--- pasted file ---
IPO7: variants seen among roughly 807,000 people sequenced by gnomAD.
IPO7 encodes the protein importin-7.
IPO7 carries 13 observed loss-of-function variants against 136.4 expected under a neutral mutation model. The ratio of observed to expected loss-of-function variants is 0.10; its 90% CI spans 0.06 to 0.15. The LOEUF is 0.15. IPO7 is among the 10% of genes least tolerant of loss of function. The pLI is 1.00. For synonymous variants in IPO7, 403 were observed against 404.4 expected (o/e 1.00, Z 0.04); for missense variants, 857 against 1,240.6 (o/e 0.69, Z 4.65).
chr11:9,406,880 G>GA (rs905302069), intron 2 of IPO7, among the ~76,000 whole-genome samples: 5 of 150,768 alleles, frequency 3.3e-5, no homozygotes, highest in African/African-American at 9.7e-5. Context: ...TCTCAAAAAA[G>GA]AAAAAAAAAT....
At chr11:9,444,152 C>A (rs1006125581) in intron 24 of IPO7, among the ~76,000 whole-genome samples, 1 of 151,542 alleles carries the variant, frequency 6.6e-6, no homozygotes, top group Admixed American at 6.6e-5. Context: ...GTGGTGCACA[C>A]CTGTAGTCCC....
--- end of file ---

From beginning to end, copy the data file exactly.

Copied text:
IPO7: variants seen among roughly 807,000 people sequenced by gnomAD.
IPO7 encodes the protein importin-7.
IPO7 carries 13 observed loss-of-function variants against 136.4 expected under a neutral mutation model. The ratio of observed to expected loss-of-function variants is 0.10; its 90% CI spans 0.06 to 0.15. The LOEUF is 0.15. IPO7 is among the 10% of genes least tolerant of loss of function. The pLI is 1.00. For synonymous variants in IPO7, 403 were observed against 404.4 expected (o/e 1.00, Z 0.04); for missense variants, 857 against 1,240.6 (o/e 0.69, Z 4.65).
chr11:9,406,880 G>GA (rs905302069), intron 2 of IPO7, among the ~76,000 whole-genome samples: 5 of 150,768 alleles, frequency 3.3e-5, no homozygotes, highest in African/African-American at 9.7e-5. Context: ...TCTCAAAAAA[G>GA]AAAAAAAAAT....
At chr11:9,444,152 C>A (rs1006125581) in intron 24 of IPO7, among the ~76,000 whole-genome samples, 1 of 151,542 alleles carries the variant, frequency 6.6e-6, no homozygotes, top group Admixed American at 6.6e-5. Context: ...GTGGTGCACA[C>A]CTGTAGTCCC....